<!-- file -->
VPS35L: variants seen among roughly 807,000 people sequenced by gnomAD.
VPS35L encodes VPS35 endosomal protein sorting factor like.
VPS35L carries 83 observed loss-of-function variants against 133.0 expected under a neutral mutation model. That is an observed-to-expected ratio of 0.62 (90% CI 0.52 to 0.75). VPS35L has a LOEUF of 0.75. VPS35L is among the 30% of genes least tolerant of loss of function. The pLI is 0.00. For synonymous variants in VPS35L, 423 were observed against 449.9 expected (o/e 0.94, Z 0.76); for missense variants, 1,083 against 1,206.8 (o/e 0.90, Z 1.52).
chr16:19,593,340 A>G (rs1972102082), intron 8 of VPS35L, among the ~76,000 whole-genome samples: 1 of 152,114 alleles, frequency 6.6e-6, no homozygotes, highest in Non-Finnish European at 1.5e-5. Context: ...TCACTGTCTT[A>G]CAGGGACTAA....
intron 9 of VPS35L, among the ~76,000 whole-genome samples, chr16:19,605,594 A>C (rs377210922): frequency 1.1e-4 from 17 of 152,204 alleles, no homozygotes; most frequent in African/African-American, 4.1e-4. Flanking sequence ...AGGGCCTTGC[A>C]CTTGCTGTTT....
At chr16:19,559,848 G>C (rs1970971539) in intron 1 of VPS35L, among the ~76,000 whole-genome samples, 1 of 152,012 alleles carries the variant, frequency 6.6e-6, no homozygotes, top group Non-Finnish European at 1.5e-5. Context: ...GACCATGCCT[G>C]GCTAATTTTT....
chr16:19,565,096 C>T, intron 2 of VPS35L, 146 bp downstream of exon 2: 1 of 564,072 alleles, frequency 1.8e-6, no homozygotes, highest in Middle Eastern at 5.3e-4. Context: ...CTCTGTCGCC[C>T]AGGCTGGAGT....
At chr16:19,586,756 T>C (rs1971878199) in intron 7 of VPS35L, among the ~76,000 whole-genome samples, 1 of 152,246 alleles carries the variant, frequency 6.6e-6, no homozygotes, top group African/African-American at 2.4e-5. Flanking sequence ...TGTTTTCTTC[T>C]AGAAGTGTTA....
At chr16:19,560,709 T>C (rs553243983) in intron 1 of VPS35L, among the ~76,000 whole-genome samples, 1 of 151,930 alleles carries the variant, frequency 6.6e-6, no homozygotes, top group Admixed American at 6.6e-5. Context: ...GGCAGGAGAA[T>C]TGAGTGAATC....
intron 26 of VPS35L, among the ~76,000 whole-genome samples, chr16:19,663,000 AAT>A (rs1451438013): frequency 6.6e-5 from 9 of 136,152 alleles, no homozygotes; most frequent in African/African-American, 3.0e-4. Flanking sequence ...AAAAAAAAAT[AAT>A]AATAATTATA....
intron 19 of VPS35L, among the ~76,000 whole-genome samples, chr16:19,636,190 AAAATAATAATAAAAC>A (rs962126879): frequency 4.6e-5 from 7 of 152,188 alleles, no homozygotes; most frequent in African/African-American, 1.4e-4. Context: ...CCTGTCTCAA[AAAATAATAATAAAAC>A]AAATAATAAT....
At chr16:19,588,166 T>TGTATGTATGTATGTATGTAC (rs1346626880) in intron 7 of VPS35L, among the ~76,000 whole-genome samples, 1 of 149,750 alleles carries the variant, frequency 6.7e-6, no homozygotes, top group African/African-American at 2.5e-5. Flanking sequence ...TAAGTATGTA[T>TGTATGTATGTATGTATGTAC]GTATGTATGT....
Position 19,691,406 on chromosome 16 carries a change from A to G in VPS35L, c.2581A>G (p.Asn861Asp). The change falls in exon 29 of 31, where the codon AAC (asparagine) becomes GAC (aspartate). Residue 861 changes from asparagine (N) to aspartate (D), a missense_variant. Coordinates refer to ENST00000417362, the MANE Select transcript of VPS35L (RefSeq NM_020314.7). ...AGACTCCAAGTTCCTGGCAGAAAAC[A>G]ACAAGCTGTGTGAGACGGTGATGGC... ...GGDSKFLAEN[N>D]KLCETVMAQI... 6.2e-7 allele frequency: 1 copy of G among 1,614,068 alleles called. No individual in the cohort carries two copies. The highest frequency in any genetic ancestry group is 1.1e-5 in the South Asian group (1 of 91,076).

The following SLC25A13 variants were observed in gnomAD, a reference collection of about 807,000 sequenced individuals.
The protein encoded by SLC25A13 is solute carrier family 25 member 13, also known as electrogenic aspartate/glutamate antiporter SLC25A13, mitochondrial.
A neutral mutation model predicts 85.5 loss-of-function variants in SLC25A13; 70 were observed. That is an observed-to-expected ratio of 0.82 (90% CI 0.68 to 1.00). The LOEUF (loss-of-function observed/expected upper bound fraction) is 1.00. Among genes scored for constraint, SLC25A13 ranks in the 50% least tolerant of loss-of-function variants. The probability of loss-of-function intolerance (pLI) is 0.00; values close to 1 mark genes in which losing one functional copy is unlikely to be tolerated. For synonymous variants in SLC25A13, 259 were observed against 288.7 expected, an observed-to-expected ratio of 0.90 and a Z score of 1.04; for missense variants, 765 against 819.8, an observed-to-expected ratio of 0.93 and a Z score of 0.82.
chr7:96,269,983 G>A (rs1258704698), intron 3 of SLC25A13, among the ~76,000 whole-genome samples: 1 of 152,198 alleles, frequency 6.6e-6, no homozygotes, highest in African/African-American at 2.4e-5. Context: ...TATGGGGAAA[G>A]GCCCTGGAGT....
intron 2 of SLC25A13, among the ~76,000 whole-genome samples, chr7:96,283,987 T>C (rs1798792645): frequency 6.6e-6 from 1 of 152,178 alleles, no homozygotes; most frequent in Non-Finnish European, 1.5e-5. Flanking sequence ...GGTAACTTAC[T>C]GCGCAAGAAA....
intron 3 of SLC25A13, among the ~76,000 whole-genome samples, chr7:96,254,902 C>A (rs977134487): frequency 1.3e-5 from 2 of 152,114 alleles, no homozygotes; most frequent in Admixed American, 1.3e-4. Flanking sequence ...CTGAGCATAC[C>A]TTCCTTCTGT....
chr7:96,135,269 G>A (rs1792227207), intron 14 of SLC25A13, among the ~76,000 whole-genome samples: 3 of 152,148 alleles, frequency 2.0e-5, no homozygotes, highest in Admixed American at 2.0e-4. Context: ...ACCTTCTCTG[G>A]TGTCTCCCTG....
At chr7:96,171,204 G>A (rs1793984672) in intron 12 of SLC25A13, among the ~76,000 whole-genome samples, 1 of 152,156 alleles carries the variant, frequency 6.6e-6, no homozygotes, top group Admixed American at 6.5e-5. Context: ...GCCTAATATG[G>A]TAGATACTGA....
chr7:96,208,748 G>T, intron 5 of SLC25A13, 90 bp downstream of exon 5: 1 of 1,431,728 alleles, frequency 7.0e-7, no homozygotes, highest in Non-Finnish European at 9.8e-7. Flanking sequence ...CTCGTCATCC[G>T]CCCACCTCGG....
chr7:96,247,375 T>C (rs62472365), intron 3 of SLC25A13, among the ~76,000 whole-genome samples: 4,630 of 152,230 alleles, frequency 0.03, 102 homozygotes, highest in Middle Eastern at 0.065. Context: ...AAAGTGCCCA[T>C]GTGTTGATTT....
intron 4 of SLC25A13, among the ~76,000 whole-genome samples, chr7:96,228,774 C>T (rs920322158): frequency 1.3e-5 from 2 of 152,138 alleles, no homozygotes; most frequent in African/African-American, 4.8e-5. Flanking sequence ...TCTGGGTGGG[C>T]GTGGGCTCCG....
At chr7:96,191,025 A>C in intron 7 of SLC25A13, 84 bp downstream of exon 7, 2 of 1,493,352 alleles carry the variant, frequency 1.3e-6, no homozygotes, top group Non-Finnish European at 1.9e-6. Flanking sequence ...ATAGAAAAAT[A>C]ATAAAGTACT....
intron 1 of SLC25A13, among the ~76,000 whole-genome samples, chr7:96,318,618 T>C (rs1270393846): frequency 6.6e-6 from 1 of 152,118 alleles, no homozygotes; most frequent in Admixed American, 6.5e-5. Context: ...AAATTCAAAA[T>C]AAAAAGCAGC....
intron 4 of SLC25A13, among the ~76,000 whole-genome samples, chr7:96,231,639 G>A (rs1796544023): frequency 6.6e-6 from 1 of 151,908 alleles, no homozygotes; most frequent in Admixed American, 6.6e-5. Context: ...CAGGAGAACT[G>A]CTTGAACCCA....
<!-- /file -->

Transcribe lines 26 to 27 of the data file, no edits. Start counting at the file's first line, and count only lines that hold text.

intron 1 of SLC25A13, among the ~76,000 whole-genome samples, chr7:96,318,618 T>C (rs1270393846): frequency 6.6e-6 from 1 of 152,118 alleles, no homozygotes; most frequent in Admixed American, 6.5e-5. Context: ...AAATTCAAAA[T>C]AAAAAGCAGC....
intron 4 of SLC25A13, among the ~76,000 whole-genome samples, chr7:96,231,639 G>A (rs1796544023): frequency 6.6e-6 from 1 of 151,908 alleles, no homozygotes; most frequent in Admixed American, 6.6e-5. Context: ...CAGGAGAACT[G>A]CTTGAACCCA....